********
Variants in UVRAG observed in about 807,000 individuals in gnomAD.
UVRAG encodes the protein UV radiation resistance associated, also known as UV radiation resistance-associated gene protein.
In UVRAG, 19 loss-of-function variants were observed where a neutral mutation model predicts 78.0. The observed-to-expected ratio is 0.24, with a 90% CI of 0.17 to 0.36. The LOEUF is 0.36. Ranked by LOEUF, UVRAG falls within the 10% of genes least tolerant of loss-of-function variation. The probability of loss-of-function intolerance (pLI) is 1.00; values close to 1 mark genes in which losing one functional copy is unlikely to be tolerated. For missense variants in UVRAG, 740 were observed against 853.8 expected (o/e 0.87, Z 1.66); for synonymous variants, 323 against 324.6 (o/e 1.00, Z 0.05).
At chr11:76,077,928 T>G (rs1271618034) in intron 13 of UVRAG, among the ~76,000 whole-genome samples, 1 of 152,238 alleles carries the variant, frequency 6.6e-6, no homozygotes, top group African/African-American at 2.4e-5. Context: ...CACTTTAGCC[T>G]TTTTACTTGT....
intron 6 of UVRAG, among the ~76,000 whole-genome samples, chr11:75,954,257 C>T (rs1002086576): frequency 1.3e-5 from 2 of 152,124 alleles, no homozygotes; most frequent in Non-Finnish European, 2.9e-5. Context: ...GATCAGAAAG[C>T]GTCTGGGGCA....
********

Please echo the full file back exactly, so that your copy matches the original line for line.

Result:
Variants in UVRAG observed in about 807,000 individuals in gnomAD.
UVRAG encodes the protein UV radiation resistance associated, also known as UV radiation resistance-associated gene protein.
In UVRAG, 19 loss-of-function variants were observed where a neutral mutation model predicts 78.0. The observed-to-expected ratio is 0.24, with a 90% CI of 0.17 to 0.36. The LOEUF is 0.36. Ranked by LOEUF, UVRAG falls within the 10% of genes least tolerant of loss-of-function variation. The probability of loss-of-function intolerance (pLI) is 1.00; values close to 1 mark genes in which losing one functional copy is unlikely to be tolerated. For missense variants in UVRAG, 740 were observed against 853.8 expected (o/e 0.87, Z 1.66); for synonymous variants, 323 against 324.6 (o/e 1.00, Z 0.05).
At chr11:76,077,928 T>G (rs1271618034) in intron 13 of UVRAG, among the ~76,000 whole-genome samples, 1 of 152,238 alleles carries the variant, frequency 6.6e-6, no homozygotes, top group African/African-American at 2.4e-5. Context: ...CACTTTAGCC[T>G]TTTTACTTGT....
intron 6 of UVRAG, among the ~76,000 whole-genome samples, chr11:75,954,257 C>T (rs1002086576): frequency 1.3e-5 from 2 of 152,124 alleles, no homozygotes; most frequent in Non-Finnish European, 2.9e-5. Context: ...GATCAGAAAG[C>T]GTCTGGGGCA....